BACKGROUND: There remains controversy about the contribution of food advertising targeted at children to the epidemic of childhood obesity in the UK. The aim of this study is to explore the relationship between the ability to recognize brand logos featured in promotional campaigns of the food industry and eating behaviours, food knowledge and preferences in children aged 9-11 attending six primary schools in Birmingham, West Midlands. METHODS: A '20 flashcard' brand logo quiz assessed children's brand logo recognition ability; a self-completed questionnaire collected information on children's socio-demographic characteristics, eating behaviours, food knowledge and preferences (n=476). RESULTS: Children demonstrated both high brand logo recognition abilities with 88.4% (420/476) recognizing at least 16/20 brand logos in the quiz and high levels of poor diet. No strong correlation was found between higher brand logo recognition ability and poorer eating behaviours, food knowledge and preferences. CONCLUSION: Although many children are familiar with commonly presented logos of food products, brand awareness does not appear to be a major influence on the consumption of a poor diet amongst children. The regulation or restriction of food advertising to children is unlikely to have a significant impact on obesity rates among children unless combined with measures to address other detrimental influences.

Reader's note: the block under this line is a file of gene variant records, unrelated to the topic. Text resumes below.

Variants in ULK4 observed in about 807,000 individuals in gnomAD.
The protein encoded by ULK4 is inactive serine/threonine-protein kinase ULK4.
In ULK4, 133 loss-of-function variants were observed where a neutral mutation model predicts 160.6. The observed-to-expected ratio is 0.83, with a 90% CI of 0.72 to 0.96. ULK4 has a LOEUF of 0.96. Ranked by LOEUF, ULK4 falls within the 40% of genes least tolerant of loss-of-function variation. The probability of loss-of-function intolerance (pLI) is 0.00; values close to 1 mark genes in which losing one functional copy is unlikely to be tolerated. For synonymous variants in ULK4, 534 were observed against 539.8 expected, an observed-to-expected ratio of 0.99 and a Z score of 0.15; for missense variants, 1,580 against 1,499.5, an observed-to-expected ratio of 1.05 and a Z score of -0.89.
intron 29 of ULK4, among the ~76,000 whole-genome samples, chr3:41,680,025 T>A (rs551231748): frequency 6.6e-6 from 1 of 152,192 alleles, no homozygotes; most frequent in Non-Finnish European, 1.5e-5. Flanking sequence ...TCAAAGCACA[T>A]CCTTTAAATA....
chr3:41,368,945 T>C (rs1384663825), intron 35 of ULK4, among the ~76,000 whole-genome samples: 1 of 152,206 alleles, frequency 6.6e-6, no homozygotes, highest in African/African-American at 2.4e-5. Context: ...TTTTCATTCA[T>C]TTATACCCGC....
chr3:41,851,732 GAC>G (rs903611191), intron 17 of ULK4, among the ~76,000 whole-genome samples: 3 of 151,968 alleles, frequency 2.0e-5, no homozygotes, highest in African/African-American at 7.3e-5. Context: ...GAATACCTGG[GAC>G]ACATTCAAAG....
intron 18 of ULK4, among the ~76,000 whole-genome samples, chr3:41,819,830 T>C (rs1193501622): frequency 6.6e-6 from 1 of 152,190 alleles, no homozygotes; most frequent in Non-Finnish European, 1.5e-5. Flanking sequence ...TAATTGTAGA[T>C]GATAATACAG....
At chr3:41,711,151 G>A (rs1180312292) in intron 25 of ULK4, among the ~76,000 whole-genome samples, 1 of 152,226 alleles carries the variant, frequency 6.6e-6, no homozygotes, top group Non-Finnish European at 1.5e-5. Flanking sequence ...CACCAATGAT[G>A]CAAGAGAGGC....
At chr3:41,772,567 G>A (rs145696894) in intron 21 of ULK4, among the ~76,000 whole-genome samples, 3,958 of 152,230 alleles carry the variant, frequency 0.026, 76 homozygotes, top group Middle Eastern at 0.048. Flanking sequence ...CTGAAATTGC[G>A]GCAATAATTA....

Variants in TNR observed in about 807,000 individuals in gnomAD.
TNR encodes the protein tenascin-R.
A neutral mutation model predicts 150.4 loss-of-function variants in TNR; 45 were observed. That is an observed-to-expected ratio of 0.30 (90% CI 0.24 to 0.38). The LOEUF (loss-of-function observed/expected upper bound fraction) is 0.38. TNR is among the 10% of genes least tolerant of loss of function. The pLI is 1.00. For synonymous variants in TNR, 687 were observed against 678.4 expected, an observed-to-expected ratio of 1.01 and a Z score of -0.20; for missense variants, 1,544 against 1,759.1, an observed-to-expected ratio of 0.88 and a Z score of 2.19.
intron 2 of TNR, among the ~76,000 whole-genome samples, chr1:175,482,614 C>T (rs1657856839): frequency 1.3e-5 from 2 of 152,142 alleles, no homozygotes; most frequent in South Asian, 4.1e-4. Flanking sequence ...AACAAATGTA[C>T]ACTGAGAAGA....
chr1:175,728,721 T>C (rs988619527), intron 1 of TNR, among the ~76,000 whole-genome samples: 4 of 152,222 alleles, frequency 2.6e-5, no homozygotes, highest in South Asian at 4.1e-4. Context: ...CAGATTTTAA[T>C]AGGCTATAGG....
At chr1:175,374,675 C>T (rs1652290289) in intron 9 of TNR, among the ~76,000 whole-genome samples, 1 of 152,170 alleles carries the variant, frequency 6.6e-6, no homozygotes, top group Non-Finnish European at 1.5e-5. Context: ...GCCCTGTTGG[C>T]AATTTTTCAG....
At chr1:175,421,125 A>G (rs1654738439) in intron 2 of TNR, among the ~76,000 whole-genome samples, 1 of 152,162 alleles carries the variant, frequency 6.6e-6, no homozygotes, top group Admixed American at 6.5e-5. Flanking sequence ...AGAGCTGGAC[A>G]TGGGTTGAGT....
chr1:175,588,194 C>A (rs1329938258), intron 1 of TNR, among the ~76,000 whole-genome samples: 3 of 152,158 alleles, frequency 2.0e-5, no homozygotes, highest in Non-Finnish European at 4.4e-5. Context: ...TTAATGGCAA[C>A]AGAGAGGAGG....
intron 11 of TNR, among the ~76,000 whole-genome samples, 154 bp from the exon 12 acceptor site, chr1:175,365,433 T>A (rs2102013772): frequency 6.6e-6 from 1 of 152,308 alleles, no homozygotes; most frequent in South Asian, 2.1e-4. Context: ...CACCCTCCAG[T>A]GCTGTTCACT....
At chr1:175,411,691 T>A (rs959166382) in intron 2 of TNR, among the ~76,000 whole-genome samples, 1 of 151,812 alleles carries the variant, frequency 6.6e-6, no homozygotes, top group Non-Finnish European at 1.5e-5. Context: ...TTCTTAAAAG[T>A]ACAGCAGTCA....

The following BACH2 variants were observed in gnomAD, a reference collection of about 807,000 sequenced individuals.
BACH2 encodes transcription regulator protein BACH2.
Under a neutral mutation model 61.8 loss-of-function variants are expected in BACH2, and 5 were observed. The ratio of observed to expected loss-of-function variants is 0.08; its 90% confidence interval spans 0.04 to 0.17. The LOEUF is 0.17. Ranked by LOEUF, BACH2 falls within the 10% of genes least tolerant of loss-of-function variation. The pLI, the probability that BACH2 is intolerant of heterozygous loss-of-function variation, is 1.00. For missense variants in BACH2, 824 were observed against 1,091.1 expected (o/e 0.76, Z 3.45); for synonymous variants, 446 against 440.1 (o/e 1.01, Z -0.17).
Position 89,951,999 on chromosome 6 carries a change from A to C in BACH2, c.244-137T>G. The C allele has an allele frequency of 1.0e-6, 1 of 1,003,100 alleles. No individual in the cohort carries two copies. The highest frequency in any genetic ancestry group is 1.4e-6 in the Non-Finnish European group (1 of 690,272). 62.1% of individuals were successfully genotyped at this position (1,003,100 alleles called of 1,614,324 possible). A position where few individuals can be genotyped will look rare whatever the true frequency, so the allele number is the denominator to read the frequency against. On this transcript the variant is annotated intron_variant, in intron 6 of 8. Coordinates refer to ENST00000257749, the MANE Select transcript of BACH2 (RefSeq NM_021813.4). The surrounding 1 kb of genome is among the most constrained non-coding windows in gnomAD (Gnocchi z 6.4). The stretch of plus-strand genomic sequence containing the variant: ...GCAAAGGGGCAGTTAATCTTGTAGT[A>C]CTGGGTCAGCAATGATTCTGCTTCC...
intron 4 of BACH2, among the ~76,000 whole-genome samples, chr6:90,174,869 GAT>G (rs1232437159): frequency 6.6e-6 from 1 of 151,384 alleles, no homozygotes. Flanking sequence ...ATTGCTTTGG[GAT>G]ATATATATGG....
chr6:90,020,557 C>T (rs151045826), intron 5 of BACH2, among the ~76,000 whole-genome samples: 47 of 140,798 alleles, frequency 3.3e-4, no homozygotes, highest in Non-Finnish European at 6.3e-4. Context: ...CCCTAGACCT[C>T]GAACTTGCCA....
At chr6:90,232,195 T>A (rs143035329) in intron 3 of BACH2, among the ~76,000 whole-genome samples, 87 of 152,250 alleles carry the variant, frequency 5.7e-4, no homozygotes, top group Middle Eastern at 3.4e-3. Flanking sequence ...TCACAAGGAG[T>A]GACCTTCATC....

|Number of pages||10|
|Journal||Journal of Public Health Medicine|
|Publication status||Published - 12 Nov 2007|
- food preference